Emanuel Synagogue

Ki Tavo Leil Selichot

Being a part of a community is so much more than simply belonging. We are tasked to actively engage in that relationship, to build and maintain it. The means through which we engage is the covenant that we establish not only with God, but also with ourselves. We are tasked to remember our covenant, that awesome relationship with God. Yet what exactly does that mean, to remember it? Surely the command should be to live it, to practice it?

We have a powerful example in this week’s Parasha, Ki Tavo, about how our ancestors saw this process.  In the Declaration of the First Fruits, each member at some point was commanded to bring their First Fruit to the priest and donate it to God.  What is most interesting however, are the words the farmer is commanded to say:

I acknowledge this day before Adonai your God that I have entered the land that Adonai swore to our fathers to assign us. (Deut 26:3)

The farmer will then continue:

My father was a wandering Aramean. He went down to Egypt with meagre numbers and sojourned there; but there he became a great and populous nation…Adonai freed us from Egypt by a mighty hand, by outstretched arm and awesome power, and by signs and portents…Wherefore I now bring the first fruits of the soil which You, O God, have given me. (Deut 26:5-10)

Through this process, that person would be recalling the covenant with God, remembering the times in Egypt, with our ancestors there during slavery and redemption, and God’s promise of redemption. The act of donating the fruit was secondary to retelling our story. It was not simply a passive activity, but one where practically each and every member of society had to participate. Furthermore, it was not simply a recitation of a few lines, but one that had to be done in company of other people, namely the Priests.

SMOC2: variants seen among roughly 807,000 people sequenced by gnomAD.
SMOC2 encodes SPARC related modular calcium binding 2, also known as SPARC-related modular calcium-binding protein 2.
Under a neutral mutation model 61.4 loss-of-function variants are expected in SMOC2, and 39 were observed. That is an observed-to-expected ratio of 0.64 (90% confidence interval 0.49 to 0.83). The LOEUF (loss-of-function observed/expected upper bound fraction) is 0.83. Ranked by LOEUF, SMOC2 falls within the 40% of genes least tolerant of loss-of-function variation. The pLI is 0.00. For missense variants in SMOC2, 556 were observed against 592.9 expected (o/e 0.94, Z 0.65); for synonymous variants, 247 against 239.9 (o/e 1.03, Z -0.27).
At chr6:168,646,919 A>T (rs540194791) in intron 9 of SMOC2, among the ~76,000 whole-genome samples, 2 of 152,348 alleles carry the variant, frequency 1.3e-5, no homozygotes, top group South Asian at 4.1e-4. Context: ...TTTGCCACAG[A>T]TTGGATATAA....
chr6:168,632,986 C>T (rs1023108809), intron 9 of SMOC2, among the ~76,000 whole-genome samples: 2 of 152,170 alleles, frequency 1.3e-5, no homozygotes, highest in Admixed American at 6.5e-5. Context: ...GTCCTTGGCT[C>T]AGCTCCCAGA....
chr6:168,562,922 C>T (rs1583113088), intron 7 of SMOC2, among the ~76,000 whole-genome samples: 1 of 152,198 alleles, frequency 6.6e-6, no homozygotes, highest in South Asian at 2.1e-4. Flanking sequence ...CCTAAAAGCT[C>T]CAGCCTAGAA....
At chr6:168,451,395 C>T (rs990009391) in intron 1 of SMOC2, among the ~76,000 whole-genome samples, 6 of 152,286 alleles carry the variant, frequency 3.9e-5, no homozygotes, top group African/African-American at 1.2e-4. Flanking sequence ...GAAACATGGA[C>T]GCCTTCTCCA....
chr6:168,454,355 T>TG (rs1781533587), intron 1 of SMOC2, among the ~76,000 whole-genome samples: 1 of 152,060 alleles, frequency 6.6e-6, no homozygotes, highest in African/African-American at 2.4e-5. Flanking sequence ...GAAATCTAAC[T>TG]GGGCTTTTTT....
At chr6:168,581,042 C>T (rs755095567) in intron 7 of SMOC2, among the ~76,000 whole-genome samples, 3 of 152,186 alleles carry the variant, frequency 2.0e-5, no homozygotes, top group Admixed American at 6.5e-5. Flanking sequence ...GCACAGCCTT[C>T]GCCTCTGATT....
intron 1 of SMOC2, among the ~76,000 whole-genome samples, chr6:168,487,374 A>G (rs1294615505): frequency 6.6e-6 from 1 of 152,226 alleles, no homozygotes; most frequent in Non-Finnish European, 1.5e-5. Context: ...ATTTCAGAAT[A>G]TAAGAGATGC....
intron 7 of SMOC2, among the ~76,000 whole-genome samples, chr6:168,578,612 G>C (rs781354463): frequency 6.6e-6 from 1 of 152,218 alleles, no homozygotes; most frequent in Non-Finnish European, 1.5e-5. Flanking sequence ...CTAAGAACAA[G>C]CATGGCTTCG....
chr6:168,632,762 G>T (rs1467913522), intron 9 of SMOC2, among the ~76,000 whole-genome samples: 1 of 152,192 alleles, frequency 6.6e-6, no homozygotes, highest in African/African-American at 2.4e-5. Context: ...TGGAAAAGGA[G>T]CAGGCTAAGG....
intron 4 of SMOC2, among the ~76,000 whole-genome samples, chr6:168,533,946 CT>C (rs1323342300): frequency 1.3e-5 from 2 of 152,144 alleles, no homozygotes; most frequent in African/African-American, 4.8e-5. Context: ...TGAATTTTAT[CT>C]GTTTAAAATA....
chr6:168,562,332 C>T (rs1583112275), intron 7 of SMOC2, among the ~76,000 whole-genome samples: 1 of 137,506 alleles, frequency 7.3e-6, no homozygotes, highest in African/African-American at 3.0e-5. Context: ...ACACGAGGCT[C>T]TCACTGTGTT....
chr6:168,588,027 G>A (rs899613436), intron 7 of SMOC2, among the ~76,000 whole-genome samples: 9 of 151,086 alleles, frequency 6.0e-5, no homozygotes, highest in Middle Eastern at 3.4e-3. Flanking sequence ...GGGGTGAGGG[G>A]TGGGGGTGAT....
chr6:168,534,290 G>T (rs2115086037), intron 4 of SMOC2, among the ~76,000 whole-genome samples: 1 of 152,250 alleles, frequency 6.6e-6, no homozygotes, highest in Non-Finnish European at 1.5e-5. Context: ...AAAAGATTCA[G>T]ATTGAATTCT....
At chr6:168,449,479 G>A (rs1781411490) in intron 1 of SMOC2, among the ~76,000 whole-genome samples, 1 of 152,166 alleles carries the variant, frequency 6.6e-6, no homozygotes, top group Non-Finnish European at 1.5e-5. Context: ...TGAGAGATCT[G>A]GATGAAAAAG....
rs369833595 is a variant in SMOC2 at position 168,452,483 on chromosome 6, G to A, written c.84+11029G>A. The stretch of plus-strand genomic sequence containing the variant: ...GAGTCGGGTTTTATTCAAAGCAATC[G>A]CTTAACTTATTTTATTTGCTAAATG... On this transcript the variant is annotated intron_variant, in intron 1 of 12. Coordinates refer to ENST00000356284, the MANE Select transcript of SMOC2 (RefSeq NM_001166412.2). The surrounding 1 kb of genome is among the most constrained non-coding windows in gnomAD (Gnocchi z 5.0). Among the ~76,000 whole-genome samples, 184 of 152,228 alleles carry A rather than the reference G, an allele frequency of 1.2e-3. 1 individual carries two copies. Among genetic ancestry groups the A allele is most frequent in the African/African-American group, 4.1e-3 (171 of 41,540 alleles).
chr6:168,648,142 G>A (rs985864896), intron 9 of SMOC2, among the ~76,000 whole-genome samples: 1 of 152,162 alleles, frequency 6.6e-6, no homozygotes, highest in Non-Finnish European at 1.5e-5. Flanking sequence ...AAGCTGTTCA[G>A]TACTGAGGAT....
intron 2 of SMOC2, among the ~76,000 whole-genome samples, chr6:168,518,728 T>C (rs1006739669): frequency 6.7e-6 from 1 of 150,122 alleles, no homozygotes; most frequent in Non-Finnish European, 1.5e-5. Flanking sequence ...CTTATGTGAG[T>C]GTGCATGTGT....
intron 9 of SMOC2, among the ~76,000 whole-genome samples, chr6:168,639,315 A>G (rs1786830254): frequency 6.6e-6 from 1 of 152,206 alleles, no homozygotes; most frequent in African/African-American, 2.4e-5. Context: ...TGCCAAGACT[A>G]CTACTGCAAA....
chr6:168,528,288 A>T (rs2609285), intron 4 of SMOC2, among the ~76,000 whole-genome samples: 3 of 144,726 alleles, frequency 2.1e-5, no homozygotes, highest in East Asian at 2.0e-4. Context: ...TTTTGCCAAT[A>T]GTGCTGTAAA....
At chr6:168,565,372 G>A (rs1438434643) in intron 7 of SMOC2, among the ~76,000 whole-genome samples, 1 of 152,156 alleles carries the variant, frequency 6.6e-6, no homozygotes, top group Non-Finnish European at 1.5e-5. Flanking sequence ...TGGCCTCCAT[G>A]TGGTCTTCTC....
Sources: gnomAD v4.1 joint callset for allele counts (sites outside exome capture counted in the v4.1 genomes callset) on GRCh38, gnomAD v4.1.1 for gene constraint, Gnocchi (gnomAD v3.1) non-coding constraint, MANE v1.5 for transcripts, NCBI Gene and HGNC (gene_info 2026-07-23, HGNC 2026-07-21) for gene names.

The only mention of the fruit is in the last line. The story, OUR story, is the focus. Each and everything we do is predicated on remembering the primacy of community, our shared history, and commitment to strengthening the bonds with one another.

Recalling that special relationship with God was an important act, commanded to all and not to be done in isolation.  We see this even today, in ways that recall our special relationship with God, such as at the Seder and now during the High Holidays.  We are commanded to interact with one another, while acting in the bond with God.  In a culture where originally all was passed down orally, telling our story and performing specific actions were key ingredients in keeping the traditions alive. How much more so today, where even though things may be written, we are still called upon to recall our story and to act.  The First Fruits was something all were expected to do, as most were involved in the agrarian portion of society.  Today, we are all expected to interact with our covenant with one another, because there is no other way to sustain that relationship other that cooperatively.

We are community because we act together, not simply because we happen to belong to the same institution. The model of the First Fruits is key to understanding our faith. The actions we preform only have a transformative aspect when they are seen in the context of our history.

May this season of preparation continue to enhance the bonds between us and our community.

Shabbat Shalom,

Rabbi Rafi